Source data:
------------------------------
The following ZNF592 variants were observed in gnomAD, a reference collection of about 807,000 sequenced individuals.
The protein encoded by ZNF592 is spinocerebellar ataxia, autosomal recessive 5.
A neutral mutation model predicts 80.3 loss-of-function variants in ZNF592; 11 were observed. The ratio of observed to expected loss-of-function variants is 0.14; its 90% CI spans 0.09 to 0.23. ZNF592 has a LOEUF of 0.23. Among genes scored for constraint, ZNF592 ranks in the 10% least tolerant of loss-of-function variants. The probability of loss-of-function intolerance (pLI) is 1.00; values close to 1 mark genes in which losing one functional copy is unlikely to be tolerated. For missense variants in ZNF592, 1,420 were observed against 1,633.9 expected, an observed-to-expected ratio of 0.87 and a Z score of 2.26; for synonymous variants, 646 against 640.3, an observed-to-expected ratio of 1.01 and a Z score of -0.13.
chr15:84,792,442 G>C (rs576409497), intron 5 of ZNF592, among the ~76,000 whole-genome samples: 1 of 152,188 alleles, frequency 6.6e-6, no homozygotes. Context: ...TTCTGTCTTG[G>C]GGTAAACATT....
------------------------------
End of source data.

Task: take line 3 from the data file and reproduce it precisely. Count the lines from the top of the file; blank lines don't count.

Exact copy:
A neutral mutation model predicts 80.3 loss-of-function variants in ZNF592; 11 were observed. The ratio of observed to expected loss-of-function variants is 0.14; its 90% CI spans 0.09 to 0.23. ZNF592 has a LOEUF of 0.23. Among genes scored for constraint, ZNF592 ranks in the 10% least tolerant of loss-of-function variants. The probability of loss-of-function intolerance (pLI) is 1.00; values close to 1 mark genes in which losing one functional copy is unlikely to be tolerated. For missense variants in ZNF592, 1,420 were observed against 1,633.9 expected, an observed-to-expected ratio of 0.87 and a Z score of 2.26; for synonymous variants, 646 against 640.3, an observed-to-expected ratio of 1.01 and a Z score of -0.13.